“Welcome to Villa Romani!” so said my wife. Then, remarking my silence as I looked about me, she added with a pretty coaxing air,
“I am afraid after all you are sorry you have come to see me!”
I smiled. It served my purpose now to be as gallant and agreeable as I could; therefore I answered:
“Sorry, madame! If I were, then should I be the most ungrateful of all men! Was Dante sorry, think you, when he was permitted to behold Paradise?”
She blushed; her eyes drooped softly under their long curling lashes. Ferrari frowned impatiently—but was silent. She led the way into the house—into the lofty cool drawing-room, whose wide windows opened out to the garden. Here all was the same as ever with the exception of one thing—a marble bust of myself as a boy had been removed. The grand piano was open, the mandoline lay on a side-table, looking as though it had been recently used; there were fresh flowers and ferns in all the tall Venetian glass vases. I seated myself and remarked on the beauty of the house and its surroundings.
“I remember it very well,” I added, quietly.
“You remember it!” exclaimed Ferrari, quickly, as though surprised.
“Certainly. I omitted to tell you, my friend, that I used to visit this spot often when a boy. The elder Conte Romani and myself played about these grounds together. The scene is quite familiar to me.”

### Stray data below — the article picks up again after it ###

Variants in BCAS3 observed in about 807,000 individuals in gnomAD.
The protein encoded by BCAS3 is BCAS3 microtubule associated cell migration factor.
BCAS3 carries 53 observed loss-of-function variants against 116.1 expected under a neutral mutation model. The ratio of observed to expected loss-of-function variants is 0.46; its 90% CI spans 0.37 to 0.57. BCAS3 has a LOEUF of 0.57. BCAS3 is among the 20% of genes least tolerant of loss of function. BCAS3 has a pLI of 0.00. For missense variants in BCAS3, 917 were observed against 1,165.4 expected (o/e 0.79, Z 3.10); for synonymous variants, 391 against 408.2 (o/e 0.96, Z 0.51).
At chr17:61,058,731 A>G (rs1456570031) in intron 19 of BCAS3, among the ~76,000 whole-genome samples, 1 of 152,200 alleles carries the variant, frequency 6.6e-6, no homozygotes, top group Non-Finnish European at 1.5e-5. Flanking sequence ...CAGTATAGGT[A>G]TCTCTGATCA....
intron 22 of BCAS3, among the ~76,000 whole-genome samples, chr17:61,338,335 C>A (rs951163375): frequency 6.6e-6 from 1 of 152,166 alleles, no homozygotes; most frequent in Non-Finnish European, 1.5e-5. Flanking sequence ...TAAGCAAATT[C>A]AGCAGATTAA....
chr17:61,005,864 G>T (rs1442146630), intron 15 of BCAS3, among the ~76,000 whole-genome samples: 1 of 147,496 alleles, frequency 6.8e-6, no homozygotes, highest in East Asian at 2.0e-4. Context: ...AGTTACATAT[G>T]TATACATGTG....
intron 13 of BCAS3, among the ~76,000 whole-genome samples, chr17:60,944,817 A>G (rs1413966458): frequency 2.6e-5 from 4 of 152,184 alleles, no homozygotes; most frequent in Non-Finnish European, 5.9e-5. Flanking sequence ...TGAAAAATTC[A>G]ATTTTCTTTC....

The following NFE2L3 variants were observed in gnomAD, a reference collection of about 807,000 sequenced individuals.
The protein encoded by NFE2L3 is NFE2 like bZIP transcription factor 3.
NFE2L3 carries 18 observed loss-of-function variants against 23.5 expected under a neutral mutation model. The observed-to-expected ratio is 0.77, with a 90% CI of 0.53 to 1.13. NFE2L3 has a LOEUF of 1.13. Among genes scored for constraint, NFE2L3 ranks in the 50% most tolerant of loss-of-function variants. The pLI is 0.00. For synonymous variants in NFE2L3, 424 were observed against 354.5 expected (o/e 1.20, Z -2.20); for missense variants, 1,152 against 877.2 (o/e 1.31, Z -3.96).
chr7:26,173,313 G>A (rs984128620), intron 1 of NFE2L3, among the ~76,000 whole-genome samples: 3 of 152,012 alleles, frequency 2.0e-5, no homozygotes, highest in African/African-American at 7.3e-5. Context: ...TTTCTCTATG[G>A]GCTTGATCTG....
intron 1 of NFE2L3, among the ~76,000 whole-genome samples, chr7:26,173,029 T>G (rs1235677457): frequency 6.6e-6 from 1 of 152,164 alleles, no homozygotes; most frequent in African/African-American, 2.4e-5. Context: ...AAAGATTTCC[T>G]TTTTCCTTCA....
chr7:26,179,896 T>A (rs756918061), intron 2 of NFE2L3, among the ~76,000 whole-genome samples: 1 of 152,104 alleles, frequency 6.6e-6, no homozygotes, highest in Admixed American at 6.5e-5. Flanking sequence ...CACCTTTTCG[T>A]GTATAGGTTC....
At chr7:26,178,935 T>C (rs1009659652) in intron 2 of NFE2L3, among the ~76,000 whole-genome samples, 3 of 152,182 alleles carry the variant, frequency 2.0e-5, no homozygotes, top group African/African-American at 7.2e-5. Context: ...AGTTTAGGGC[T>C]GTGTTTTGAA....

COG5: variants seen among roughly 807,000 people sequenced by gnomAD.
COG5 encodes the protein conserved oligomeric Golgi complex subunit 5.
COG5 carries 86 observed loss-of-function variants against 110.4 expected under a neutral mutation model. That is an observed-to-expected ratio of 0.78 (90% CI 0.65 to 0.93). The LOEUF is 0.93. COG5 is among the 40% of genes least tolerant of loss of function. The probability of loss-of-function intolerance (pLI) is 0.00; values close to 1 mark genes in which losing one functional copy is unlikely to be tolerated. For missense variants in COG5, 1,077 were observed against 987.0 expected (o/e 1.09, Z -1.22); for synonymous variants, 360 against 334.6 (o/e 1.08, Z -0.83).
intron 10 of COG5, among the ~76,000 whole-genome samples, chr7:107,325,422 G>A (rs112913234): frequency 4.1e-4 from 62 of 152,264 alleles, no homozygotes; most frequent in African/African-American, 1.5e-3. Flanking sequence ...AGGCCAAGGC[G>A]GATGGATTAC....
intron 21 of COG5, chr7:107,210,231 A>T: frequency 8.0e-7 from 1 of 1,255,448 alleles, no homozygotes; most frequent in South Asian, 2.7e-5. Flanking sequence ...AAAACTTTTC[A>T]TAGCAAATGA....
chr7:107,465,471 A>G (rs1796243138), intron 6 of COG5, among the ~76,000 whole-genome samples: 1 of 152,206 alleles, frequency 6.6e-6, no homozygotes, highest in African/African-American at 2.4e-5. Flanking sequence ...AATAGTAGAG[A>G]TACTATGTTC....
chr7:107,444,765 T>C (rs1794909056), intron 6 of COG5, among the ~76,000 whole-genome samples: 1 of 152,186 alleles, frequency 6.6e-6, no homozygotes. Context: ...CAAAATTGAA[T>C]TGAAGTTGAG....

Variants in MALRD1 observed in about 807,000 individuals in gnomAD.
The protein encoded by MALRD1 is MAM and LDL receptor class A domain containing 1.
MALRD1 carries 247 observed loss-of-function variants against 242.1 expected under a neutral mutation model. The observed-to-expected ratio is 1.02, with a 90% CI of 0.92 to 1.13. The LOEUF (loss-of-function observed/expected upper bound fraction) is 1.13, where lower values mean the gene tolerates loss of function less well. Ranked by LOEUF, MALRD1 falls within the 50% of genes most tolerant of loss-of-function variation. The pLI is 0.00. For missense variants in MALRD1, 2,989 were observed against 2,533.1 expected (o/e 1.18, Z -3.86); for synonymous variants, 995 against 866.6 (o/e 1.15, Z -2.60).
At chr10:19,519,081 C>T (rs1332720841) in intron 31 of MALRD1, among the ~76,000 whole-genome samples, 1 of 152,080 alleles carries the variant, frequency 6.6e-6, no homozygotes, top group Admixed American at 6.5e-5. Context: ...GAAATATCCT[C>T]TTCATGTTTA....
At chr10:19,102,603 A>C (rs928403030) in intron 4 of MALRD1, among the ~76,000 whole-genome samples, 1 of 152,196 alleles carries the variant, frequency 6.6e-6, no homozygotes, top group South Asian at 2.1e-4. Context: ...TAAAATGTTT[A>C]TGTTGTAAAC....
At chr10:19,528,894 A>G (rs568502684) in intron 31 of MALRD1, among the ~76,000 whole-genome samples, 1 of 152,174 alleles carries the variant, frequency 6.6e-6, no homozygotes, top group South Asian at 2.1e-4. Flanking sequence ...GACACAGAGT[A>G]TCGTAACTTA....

Nina listened with an appearance of interest.
“Did you ever see my late husband?” she asked.
“Once,” I answered her, gravely. “He was a mere child at the time, and, as far as I could discern, a very promising one. His father seemed greatly attached to him. I knew his mother also.”
“Indeed,” she exclaimed, settling herself on a low ottoman and fixing her eyes upon me; “what was she like?”
I paused a moment before replying. Could I speak of that unstained sacred life of wifehood and motherhood to this polluted though lovely creature?
“She was a beautiful woman unconscious of her beauty,” I answered at last. “There, all is said. Her sole aim seemed to be to forget herself in making others happy, and to surround her home with an atmosphere of goodness and virtue. She died young.”
Ferrari glanced at me with an evil sneer in his eyes.
“That was fortunate,” he said. “She had no time to tire of her husband, else—who knows?”
My blood rose rapidly to an astonishing heat, but I controlled myself.
“I do not understand you,” I said, with marked frigidity. “The lady I speak of lived and died under the old regime of noblesse oblige. I am not so well versed in modern social forms of morality as yourself.”
Nina hastily interposed. “Oh, my dear conte,” she said, laughingly, “pay no attention to Signor Ferrari! He is rash sometimes, and says very foolish things, but he really does not mean them. It is only his way! My poor dear husband used to be quite vexed with him sometimes, though he was so fond of him. But, conte, as you know so much about the family, I am sure you will like to see my little Stella. Shall I send for her, or are you bored by children?”